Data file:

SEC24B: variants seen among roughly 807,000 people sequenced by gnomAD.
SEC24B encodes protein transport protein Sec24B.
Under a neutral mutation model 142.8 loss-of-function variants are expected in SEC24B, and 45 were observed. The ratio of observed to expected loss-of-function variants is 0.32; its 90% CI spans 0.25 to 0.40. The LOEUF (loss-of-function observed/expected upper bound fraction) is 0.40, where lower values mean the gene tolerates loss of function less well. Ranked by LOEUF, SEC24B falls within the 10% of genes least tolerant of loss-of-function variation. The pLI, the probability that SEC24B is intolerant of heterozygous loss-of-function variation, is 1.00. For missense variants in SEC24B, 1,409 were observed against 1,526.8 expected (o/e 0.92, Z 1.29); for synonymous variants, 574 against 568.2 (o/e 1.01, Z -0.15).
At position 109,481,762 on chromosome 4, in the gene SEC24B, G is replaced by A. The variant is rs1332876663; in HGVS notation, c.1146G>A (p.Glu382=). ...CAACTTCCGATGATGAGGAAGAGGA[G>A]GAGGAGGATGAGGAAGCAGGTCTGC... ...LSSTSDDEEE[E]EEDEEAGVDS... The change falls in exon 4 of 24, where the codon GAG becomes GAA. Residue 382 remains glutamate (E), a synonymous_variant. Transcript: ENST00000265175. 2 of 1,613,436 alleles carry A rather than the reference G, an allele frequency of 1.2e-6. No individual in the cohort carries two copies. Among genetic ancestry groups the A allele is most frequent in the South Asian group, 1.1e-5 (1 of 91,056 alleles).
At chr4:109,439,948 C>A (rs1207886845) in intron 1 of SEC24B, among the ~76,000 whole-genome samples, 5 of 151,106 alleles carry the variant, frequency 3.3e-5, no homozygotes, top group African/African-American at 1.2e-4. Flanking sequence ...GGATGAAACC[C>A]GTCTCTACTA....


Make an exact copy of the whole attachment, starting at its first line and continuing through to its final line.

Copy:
SEC24B: variants seen among roughly 807,000 people sequenced by gnomAD.
SEC24B encodes protein transport protein Sec24B.
Under a neutral mutation model 142.8 loss-of-function variants are expected in SEC24B, and 45 were observed. The ratio of observed to expected loss-of-function variants is 0.32; its 90% CI spans 0.25 to 0.40. The LOEUF (loss-of-function observed/expected upper bound fraction) is 0.40, where lower values mean the gene tolerates loss of function less well. Ranked by LOEUF, SEC24B falls within the 10% of genes least tolerant of loss-of-function variation. The pLI, the probability that SEC24B is intolerant of heterozygous loss-of-function variation, is 1.00. For missense variants in SEC24B, 1,409 were observed against 1,526.8 expected (o/e 0.92, Z 1.29); for synonymous variants, 574 against 568.2 (o/e 1.01, Z -0.15).
At position 109,481,762 on chromosome 4, in the gene SEC24B, G is replaced by A. The variant is rs1332876663; in HGVS notation, c.1146G>A (p.Glu382=). ...CAACTTCCGATGATGAGGAAGAGGA[G>A]GAGGAGGATGAGGAAGCAGGTCTGC... ...LSSTSDDEEE[E]EEDEEAGVDS... The change falls in exon 4 of 24, where the codon GAG becomes GAA. Residue 382 remains glutamate (E), a synonymous_variant. Transcript: ENST00000265175. 2 of 1,613,436 alleles carry A rather than the reference G, an allele frequency of 1.2e-6. No individual in the cohort carries two copies. Among genetic ancestry groups the A allele is most frequent in the South Asian group, 1.1e-5 (1 of 91,056 alleles).
At chr4:109,439,948 C>A (rs1207886845) in intron 1 of SEC24B, among the ~76,000 whole-genome samples, 5 of 151,106 alleles carry the variant, frequency 3.3e-5, no homozygotes, top group African/African-American at 1.2e-4. Flanking sequence ...GGATGAAACC[C>A]GTCTCTACTA....